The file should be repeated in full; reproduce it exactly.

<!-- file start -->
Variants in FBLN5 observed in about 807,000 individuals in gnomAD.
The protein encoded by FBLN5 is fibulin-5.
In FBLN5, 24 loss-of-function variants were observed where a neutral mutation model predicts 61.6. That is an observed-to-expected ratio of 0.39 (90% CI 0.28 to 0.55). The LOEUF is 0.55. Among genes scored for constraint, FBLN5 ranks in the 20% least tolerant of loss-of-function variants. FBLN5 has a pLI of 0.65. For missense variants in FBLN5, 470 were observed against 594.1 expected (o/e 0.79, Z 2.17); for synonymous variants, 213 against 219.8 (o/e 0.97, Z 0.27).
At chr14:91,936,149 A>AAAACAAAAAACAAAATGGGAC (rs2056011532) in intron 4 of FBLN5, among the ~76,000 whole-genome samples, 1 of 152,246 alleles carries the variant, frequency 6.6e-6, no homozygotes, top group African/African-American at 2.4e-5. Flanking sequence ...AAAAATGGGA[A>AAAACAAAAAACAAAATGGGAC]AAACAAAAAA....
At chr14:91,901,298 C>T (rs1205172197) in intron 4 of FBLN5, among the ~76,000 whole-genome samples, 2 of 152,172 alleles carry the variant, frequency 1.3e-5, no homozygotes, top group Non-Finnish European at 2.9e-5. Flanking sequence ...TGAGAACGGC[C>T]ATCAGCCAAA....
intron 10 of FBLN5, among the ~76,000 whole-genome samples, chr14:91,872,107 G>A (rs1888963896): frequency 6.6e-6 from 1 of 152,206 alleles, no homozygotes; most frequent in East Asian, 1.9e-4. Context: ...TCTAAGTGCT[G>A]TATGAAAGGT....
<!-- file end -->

Variants in FBLN5 observed in about 807,000 individuals in gnomAD.
The protein encoded by FBLN5 is fibulin-5.
In FBLN5, 24 loss-of-function variants were observed where a neutral mutation model predicts 61.6. That is an observed-to-expected ratio of 0.39 (90% CI 0.28 to 0.55). The LOEUF is 0.55. Among genes scored for constraint, FBLN5 ranks in the 20% least tolerant of loss-of-function variants. FBLN5 has a pLI of 0.65. For missense variants in FBLN5, 470 were observed against 594.1 expected (o/e 0.79, Z 2.17); for synonymous variants, 213 against 219.8 (o/e 0.97, Z 0.27).
At chr14:91,936,149 A>AAAACAAAAAACAAAATGGGAC (rs2056011532) in intron 4 of FBLN5, among the ~76,000 whole-genome samples, 1 of 152,246 alleles carries the variant, frequency 6.6e-6, no homozygotes, top group African/African-American at 2.4e-5. Flanking sequence ...AAAAATGGGA[A>AAAACAAAAAACAAAATGGGAC]AAACAAAAAA....
At chr14:91,901,298 C>T (rs1205172197) in intron 4 of FBLN5, among the ~76,000 whole-genome samples, 2 of 152,172 alleles carry the variant, frequency 1.3e-5, no homozygotes, top group Non-Finnish European at 2.9e-5. Flanking sequence ...TGAGAACGGC[C>T]ATCAGCCAAA....
intron 10 of FBLN5, among the ~76,000 whole-genome samples, chr14:91,872,107 G>A (rs1888963896): frequency 6.6e-6 from 1 of 152,206 alleles, no homozygotes; most frequent in East Asian, 1.9e-4. Context: ...TCTAAGTGCT[G>A]TATGAAAGGT....